The opening of the new Acropolis Museum in Athens has raised thought-provoking questions about museum artifact ownership. This particular debate centers on the Parthenon Marbles (Elgin Marbles), a stunning facade or wall relief that was transported from Greece to the British Museum of Natural History between 1801 and 1805 by Thomas Bruce, 7th Lord of Elgin.So nefarious was his deed, the act of relocating precious artifacts from their natural or national context is now known as elginism and is specifically defined as “an act of cultural vandalism.”
History is ripe with instances of elginism and few nations are innocent of the practice, though it’s clear that the richer the nation, the more common the practice. Museums in Britain, the United States and Germany display a vast tapestry of ancient history with ties that are born of colonization and war. At least these artifacts that were illicitly gained are on display to be appreciated by the masses, even if those masses seldom have any direction lineage to the history they represent. Oftentimes, elginism is even more villainous and criminal. Much of the natural history that’s been stolen from poorer nations resides in private collections, appreciated by individual owners and no one else.
Much has been done in the last 60 years to preserve the natural history of vulnerable nations. The United Nations Education, Scientific and Cultural Organization (UNESCO) has put international law in place to discourage the artifact trafficking and protect monuments, statues and sculptures in their native land. The primary protocol established in 1954 defined specific regulations around the protection of cultural property in the event of war. A second protocol was added in 1999, extending the intention of the law to not only prevent the treatment of cultural artifacts as “spoils of war,” but also to prevent their destruction during armed conflict. An international fund was also established to facilitate the return of cultural property to its rightful nation.
Despite these international laws, recovery of stolen artifacts is often a lengthy process even when nations demonstrate some level of cooperation. In 1990, antiques restorer Jonathan Tokeley-Parry, a shady fixture of the British art collector scene, smuggled a bust of Amenhotep III by coating it in liquid plastic and painting it black and gold. The makeover gave the artifact the look of a tacky souvenir that fooled they eyes of customs officials. Tokeley-Parry was charged four years later in Britain for attempting to sell another ill-gotten archaeological find. Police recovered the Amenhotep III bust five years later, but it would take almost twenty years of legal wrangling by Egypt before the Pharaoh’s bust was returned to its rightful home.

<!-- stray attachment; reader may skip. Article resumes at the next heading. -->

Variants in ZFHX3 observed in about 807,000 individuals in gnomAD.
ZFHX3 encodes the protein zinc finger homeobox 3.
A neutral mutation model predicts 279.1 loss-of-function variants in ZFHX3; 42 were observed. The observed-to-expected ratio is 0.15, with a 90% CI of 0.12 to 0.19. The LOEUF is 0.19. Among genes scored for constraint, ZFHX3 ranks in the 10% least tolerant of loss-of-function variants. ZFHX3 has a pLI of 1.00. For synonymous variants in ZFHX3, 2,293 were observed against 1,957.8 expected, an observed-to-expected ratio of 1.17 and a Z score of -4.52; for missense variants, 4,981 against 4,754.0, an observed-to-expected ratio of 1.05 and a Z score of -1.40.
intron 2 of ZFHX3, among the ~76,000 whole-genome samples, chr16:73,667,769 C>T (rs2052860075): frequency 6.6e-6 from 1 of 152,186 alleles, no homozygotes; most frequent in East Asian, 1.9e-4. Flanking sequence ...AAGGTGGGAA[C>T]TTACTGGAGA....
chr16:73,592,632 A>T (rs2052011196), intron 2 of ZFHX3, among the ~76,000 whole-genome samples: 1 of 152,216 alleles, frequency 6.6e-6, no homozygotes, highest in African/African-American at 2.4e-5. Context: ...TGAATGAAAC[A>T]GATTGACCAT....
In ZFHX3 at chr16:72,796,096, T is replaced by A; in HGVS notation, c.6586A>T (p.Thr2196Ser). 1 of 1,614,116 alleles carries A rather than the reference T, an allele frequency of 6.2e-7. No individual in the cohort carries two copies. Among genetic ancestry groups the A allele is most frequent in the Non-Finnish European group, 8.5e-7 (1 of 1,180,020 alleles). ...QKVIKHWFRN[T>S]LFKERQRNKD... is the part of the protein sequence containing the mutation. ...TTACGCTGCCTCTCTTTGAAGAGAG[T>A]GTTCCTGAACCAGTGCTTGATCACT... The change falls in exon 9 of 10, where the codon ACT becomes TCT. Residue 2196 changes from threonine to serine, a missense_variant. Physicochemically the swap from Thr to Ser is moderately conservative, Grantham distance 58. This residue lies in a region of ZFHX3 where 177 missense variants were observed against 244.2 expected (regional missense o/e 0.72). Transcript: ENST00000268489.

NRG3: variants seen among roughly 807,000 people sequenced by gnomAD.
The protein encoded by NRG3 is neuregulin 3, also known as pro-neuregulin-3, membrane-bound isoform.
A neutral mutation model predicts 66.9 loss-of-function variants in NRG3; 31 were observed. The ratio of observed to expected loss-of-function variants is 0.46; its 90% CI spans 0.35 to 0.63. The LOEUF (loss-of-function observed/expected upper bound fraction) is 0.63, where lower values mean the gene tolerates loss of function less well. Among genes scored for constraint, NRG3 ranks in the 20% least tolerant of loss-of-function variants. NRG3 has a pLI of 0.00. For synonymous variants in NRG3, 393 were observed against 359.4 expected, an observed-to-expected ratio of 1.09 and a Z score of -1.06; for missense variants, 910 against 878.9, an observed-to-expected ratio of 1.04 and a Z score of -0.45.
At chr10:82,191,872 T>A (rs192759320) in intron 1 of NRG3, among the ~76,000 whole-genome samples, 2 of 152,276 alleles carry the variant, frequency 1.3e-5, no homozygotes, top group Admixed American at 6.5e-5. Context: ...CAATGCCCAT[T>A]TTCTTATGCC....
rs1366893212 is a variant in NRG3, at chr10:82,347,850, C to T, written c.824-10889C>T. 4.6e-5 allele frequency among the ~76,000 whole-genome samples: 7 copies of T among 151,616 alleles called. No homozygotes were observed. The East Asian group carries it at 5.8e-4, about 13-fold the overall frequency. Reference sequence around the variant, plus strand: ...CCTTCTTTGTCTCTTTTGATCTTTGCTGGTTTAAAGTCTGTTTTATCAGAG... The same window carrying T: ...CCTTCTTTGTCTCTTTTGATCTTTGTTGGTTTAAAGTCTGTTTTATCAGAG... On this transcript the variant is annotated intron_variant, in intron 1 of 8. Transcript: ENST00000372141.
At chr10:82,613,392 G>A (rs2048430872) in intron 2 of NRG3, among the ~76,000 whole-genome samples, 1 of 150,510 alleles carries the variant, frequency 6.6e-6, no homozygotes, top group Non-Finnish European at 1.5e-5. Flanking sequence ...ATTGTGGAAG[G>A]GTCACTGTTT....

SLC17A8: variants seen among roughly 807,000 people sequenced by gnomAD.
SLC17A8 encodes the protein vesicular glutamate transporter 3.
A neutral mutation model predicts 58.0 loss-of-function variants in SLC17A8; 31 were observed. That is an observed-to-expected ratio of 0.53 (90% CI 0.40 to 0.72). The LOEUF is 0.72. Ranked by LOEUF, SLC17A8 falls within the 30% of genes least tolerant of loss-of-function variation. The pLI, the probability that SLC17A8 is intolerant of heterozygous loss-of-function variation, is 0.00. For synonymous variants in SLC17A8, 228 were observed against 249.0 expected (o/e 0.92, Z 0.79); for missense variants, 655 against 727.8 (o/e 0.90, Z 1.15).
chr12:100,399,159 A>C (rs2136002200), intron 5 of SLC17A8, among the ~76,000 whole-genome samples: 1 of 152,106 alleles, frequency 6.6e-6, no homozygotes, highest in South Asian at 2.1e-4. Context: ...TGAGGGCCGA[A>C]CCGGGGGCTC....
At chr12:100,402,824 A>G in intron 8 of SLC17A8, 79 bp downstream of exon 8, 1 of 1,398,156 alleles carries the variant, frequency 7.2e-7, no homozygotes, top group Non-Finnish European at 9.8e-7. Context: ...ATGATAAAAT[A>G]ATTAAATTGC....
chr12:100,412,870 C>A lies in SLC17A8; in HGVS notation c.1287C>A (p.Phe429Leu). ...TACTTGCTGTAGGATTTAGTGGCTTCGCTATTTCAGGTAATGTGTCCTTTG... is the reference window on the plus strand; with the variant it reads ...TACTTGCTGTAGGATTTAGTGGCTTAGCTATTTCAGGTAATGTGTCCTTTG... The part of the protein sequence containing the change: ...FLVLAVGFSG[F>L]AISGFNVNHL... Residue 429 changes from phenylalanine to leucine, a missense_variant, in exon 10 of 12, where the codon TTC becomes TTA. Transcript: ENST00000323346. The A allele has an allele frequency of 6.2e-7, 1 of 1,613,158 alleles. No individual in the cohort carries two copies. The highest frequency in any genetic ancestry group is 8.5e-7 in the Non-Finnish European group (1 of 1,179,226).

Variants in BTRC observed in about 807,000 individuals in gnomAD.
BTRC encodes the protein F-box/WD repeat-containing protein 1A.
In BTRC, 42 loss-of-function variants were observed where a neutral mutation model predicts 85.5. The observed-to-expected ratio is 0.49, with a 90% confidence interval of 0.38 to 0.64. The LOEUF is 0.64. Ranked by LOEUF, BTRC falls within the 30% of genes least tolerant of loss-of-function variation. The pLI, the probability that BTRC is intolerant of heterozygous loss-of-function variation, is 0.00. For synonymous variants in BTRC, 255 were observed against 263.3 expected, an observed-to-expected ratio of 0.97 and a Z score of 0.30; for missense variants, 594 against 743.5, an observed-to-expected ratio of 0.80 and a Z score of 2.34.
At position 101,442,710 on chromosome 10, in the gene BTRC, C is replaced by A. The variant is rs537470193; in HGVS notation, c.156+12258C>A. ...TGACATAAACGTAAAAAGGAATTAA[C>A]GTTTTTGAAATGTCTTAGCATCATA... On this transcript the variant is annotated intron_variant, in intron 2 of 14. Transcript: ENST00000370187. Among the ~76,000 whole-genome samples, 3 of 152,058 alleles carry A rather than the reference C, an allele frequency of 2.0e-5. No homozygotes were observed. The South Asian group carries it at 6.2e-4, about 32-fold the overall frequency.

The fate of the Parthenon Marbles remains undecided. The Greek government and populace cry out for their return and state with pride that the Acropolis Museum has been constructed as a worthy and rightful home. Some voices in the British government sing the same chorus, introducing legislation before the Parliament to return the “Elgin Marbles” to Greece. Others worry that the return of the marbles will set an unsettling precedent that will begin a wave of demand for the return of cultural artifacts. They argue that if this flood gate is opened, some of the world’s most beloved museums will soon be barren.
The questions surrounding cultural ownership are complex. There is truth that the stewardship of cultural property by other nations has actually preserved many cultural artifacts that would have fallen into disrepair or been destroyed had they remained in their cultural context. Some argue that when artifacts are gained in conquest or conflict their ownership becomes part of the conquering nation’s history. Ultimately the solution is not likely an all-or-nothing proposition, but lies somewhere in the middle ground of shared ownership.
One wonders what viewpoint Indiana Jones has on this topic. Does this fictitious collector of rare antiquities have an opinion about where the Ark of the Covenant truly belongs? Certainly not with the Nazis. The US government, unlikely. If Dr. Jones had it all to do again, he might just leave it in Tanis satisfied knowing that the Nazis were digging in the wrong place.